As shown in FIG. 5, the anti twist mounting 33 includes fork 36 which engages spherical bearing 40 of the tongue member 38, as noted above. Thus the spherical bearing 40 permits various motions of the fork 36, e.g., yaw per arrows 52, pitch (or pivot) per arrow 54 and roll or twist per arrow 56 or a combination of such motions. Such bearing motions thus prevent forces of yaw, pitch and roll or twist from being overly applied to the MA10 so as to twist or strain same (including the support arm 11) and cause misalignment of the projector and combiner. Also if one were to shim one side or the other of the MA mounting plate 20, which would tend to apply a twisting force to the support arm 11 and/or an MA forward mount (if it were rigidly fastened to a wall) such force is absorbed or compensated for, by the anti twist mounting 33 as described above.
Accordingly, the MA 10 of the invention has a support arm 11 of, e.g., metal or plastic that can be one or more pieces, e.g. three pieces 13,15 & 17, held together by adhesive or fasteners, eg., screws 19, as shown in FIG. 2.
Thus the support arm 11 of the MA 10 is made sufficiently thick and wide to resist twist and is connected to cockpit walls (or other vehicle walls) by the spring-like and anti-twist mountings described above, to maintain optical alignment of components supported by the HUD MA of the invention despite the wall flexure noted above.
Thus when the pilot 50, in looking through the combiner glass 30, as he comes through the clouds, on instruments and breaks through a low ceiling, the runway will be where it's supposed to be, thanks to the optical alignment of the HUD components provided by the HUD MA of the invention.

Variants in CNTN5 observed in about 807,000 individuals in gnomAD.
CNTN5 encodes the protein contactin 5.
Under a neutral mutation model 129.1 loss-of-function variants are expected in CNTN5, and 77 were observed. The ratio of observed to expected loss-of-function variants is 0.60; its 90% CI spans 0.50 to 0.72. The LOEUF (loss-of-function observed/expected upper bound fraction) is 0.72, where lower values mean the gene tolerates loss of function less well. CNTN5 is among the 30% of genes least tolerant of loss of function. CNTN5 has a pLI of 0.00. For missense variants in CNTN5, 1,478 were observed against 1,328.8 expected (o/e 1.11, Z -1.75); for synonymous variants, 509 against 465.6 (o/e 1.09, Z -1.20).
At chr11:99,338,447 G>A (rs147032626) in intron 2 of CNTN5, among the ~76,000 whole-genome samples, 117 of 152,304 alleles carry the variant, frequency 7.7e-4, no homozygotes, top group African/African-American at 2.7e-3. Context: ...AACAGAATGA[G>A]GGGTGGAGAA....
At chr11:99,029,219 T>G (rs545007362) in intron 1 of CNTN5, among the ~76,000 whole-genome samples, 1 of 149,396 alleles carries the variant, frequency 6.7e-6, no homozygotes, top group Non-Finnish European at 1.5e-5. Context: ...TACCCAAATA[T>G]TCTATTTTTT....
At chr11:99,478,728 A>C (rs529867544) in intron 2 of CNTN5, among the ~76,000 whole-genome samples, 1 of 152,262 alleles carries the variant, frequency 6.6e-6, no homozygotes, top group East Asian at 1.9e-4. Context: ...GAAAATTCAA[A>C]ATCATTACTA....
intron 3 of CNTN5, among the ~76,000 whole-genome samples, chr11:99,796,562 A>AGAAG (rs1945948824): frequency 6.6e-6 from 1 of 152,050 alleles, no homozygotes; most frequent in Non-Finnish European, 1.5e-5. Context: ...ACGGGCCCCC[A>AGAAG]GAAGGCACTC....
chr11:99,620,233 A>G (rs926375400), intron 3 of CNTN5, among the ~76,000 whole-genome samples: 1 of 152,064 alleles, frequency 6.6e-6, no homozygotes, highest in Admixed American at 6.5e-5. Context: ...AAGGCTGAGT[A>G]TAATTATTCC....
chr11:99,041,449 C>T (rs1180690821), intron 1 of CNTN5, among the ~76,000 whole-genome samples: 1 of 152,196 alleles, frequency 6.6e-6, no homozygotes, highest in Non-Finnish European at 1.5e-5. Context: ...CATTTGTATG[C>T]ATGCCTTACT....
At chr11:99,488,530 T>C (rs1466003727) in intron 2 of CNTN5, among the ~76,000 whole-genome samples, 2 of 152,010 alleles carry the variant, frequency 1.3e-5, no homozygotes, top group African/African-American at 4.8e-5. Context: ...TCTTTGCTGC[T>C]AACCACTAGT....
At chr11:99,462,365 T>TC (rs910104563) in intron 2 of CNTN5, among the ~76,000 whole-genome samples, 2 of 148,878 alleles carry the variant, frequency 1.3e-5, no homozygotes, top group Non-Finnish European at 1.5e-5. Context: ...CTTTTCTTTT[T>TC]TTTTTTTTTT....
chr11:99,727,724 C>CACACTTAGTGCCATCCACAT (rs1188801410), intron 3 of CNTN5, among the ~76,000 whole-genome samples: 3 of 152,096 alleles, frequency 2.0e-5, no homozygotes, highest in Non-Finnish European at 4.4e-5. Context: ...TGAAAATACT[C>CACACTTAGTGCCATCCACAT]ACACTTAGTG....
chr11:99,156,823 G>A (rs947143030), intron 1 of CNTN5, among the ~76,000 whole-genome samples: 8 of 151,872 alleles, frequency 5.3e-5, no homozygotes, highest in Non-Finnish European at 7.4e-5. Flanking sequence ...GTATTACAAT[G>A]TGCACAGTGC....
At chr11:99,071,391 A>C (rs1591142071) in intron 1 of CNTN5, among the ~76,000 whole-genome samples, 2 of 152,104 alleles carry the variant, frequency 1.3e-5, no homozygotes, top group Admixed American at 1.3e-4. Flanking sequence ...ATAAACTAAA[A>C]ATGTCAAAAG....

The inventive MA, thus provides an integrated support for the HUD projector and image combiner thus improving optical stability over discretely mounted systems. The MA has a relatively rigid support arm attached to two end brackets, at least one of which is flexible and the other of which is able to twist or turn, as, e.g., the cockpit of an airframe flexes, to prevent twist forces being applied to the support arm. The arm is shaped relative to the ceiling of an aircraft cockpit and is mounted thereto and resiliently holds the HUD components in optical alignment.
The above invention is particularly important in aircraft since advancements in HUD imaging techniques, including the integration of millimeter wave (MMW) radar and forward-looking infrared radar (FLIR) data into modem HUD systems, require higher standards of projected-combiner optical alignment and stability than previously available in the prior art. Thus aircraft movement and vibration, particularly during maneuvers such as take-off and landing, together with changes in altitude with corresponding changes in air pressure, result in a variety of forces applied to the MA of the invention, which forces are ably compensated for by the versatile MA of the invention
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|U.S. Classification||345/7, 359/632, 353/13|
|Aug 27, 1998||AS||Assignment|
Owner name: AIR FORCE, UNITED STATES, MASSACHUSETTS
Free format text: ASSIGNMENT OF ASSIGNORS INTEREST;ASSIGNOR:BURNS, FLETCHER A.;REEL/FRAME:009415/0715
Effective date: 19980413
|Aug 20, 2003||FPAY||Fee payment|
Year of fee payment: 4
|Dec 17, 2007||REMI||Maintenance fee reminder mailed|
|Jun 6, 2008||LAPS||Lapse for failure to pay maintenance fees|
|Jul 29, 2008||FP||Expired due to failure to pay maintenance fee|
Effective date: 20080606